I remember the day I left home for college very well. After 18 years of living in my parents’ house, and seeing very little of the world outside of Springfield, Illinois, I was finally able to make my break. I wasn’t going that far away, geographically speaking. In truth, I wasn’t even leaving the state of Illinois. But I was leaving, and once I did that I realized that there wasn’t any going back. And that’s exactly as I wanted it to be.
All of my clothes were packed up, along with the typewriter I had received as a high school graduation gift. I may have been the last American teenager to get a present like this, but it was mine and I intended to use it. I really had nothing else to call my own. So my parents loaded us into our Chevy Impala for the drive northward toward Evanston, Illinois.
Bobb Hall was, and still is, a dorm populated mostly by Northwestern‘s freshman students. It’s also the biggest party dorm on the campus, but I didn’t know that yet. All I knew is that it was going to be my home from that day until next spring, and that was good enough for me.
I knew that my room number was 104, but beyond that I had no idea of what to expect. Would it be more quiet than noisy? Would there be people there that I couldn’t stand? And where did the girls live? When you’re 18 and about to be turned loose into the wider world, those were the questions that needed to be answered.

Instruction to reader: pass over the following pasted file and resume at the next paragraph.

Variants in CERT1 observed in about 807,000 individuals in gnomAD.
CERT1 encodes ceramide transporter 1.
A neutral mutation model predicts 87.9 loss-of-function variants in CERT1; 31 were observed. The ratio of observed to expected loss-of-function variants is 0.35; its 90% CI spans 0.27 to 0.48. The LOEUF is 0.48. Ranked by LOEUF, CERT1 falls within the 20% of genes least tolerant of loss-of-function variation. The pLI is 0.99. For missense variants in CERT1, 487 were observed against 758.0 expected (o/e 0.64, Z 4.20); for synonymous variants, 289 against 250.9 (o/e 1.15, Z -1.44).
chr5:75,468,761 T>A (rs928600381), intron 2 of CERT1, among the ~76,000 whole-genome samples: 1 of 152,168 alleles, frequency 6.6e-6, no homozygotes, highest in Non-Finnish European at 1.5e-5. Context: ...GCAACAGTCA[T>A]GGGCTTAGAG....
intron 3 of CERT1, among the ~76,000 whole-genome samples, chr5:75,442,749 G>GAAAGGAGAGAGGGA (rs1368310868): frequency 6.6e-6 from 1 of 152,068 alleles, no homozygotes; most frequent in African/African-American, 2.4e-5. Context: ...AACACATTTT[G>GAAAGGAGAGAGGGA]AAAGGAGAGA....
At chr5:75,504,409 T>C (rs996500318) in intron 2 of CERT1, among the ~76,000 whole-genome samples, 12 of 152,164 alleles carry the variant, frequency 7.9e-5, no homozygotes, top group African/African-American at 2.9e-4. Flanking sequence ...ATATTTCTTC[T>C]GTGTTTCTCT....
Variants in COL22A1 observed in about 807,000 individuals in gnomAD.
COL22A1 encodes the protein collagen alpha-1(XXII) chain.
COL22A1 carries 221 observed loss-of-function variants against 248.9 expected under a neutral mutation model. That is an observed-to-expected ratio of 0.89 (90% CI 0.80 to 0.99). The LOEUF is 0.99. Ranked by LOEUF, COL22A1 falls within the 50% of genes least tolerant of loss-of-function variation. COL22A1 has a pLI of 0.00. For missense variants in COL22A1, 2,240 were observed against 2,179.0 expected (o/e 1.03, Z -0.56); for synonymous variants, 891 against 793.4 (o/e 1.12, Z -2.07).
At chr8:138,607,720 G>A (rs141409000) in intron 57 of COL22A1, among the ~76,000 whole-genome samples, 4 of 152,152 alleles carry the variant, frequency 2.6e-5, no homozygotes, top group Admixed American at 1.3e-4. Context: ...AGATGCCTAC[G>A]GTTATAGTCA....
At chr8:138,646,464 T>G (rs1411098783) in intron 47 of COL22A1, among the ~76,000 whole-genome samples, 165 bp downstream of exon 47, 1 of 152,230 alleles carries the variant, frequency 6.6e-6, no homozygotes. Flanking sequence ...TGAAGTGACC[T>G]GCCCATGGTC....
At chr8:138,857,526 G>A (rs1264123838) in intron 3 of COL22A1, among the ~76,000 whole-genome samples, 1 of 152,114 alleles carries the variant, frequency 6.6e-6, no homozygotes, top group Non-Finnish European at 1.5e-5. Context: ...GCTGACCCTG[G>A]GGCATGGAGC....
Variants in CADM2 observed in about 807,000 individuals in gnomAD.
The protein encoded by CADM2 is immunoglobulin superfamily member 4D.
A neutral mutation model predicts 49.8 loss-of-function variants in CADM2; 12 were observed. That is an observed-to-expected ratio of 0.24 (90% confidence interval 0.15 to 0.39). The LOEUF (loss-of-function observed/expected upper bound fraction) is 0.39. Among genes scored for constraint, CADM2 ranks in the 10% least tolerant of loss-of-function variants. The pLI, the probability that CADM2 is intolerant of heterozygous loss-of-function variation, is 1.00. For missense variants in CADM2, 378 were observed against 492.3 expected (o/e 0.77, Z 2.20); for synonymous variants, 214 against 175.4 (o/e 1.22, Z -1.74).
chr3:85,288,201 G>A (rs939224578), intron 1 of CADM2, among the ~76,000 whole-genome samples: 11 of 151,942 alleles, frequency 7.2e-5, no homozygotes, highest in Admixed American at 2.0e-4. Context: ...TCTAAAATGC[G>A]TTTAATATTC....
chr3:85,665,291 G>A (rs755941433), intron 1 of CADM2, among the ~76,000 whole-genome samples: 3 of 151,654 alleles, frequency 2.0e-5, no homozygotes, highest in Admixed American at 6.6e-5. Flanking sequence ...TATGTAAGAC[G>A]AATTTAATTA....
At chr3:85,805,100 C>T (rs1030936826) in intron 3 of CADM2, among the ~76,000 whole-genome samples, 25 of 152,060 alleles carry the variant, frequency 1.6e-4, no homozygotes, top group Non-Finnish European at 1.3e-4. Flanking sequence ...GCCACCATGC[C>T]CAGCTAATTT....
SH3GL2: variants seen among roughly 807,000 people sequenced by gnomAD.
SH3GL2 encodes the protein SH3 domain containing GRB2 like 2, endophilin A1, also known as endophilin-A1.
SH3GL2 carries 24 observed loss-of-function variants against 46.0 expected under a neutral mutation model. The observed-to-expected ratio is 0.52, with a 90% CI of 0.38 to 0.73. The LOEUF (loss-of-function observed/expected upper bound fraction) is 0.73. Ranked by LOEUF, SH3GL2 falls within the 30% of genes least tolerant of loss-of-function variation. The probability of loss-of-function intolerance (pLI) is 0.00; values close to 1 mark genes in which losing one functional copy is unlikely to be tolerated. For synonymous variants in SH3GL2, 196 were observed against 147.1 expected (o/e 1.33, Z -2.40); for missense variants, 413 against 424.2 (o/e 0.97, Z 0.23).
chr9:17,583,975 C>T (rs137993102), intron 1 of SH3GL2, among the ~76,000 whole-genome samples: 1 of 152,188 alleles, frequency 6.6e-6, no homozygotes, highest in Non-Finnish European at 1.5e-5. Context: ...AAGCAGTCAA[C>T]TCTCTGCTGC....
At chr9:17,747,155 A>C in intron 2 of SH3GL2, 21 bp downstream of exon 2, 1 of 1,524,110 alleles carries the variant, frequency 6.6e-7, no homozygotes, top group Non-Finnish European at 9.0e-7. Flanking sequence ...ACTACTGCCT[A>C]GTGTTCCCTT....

When I got to my room, I paused for a moment. On the door there was a piece of construction paper with my name, my room number, and a cut-out from Maurice Sendak’s “Where the Wild Things Are“. Not some obscure philosopher, but a character from a children’s book. I immediately told myself that everything was going to be all right, and it was. I felt like I was at home.
Bobb Hall, and the neighboring McCulloch Hall, was indeed a wild place to spend my eighteenth year. There were many rumpuses there over the course of the school year. My grades suffered as a result of this, and that might be the closest thing I have to a regret about my college years. But Maurice Sendak‘s characters effectively welcomed me, and my fellow dormmates, to college for the first time, and for that reason they will be with me always.